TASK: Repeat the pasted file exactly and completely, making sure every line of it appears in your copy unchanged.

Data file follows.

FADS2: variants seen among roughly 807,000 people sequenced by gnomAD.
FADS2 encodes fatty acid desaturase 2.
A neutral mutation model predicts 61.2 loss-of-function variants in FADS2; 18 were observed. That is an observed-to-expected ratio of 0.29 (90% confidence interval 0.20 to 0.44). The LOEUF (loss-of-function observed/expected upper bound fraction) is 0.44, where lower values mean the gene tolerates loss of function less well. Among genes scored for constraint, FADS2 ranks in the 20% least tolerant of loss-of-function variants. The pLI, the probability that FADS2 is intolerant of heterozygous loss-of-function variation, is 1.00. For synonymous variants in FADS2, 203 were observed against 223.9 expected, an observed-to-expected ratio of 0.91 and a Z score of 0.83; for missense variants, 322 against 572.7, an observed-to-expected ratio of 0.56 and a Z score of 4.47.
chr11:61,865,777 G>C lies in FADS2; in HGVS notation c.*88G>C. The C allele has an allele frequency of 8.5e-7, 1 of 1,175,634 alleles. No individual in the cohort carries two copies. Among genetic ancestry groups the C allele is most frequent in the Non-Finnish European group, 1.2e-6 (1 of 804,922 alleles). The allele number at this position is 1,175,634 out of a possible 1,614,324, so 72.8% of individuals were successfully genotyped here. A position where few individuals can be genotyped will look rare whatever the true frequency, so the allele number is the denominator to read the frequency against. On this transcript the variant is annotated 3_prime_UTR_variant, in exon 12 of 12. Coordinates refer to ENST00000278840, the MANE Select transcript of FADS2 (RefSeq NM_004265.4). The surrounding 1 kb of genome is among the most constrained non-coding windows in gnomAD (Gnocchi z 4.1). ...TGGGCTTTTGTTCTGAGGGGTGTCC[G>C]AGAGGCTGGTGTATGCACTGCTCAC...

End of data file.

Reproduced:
FADS2: variants seen among roughly 807,000 people sequenced by gnomAD.
FADS2 encodes fatty acid desaturase 2.
A neutral mutation model predicts 61.2 loss-of-function variants in FADS2; 18 were observed. That is an observed-to-expected ratio of 0.29 (90% confidence interval 0.20 to 0.44). The LOEUF (loss-of-function observed/expected upper bound fraction) is 0.44, where lower values mean the gene tolerates loss of function less well. Among genes scored for constraint, FADS2 ranks in the 20% least tolerant of loss-of-function variants. The pLI, the probability that FADS2 is intolerant of heterozygous loss-of-function variation, is 1.00. For synonymous variants in FADS2, 203 were observed against 223.9 expected, an observed-to-expected ratio of 0.91 and a Z score of 0.83; for missense variants, 322 against 572.7, an observed-to-expected ratio of 0.56 and a Z score of 4.47.
chr11:61,865,777 G>C lies in FADS2; in HGVS notation c.*88G>C. The C allele has an allele frequency of 8.5e-7, 1 of 1,175,634 alleles. No individual in the cohort carries two copies. Among genetic ancestry groups the C allele is most frequent in the Non-Finnish European group, 1.2e-6 (1 of 804,922 alleles). The allele number at this position is 1,175,634 out of a possible 1,614,324, so 72.8% of individuals were successfully genotyped here. A position where few individuals can be genotyped will look rare whatever the true frequency, so the allele number is the denominator to read the frequency against. On this transcript the variant is annotated 3_prime_UTR_variant, in exon 12 of 12. Coordinates refer to ENST00000278840, the MANE Select transcript of FADS2 (RefSeq NM_004265.4). The surrounding 1 kb of genome is among the most constrained non-coding windows in gnomAD (Gnocchi z 4.1). ...TGGGCTTTTGTTCTGAGGGGTGTCC[G>C]AGAGGCTGGTGTATGCACTGCTCAC...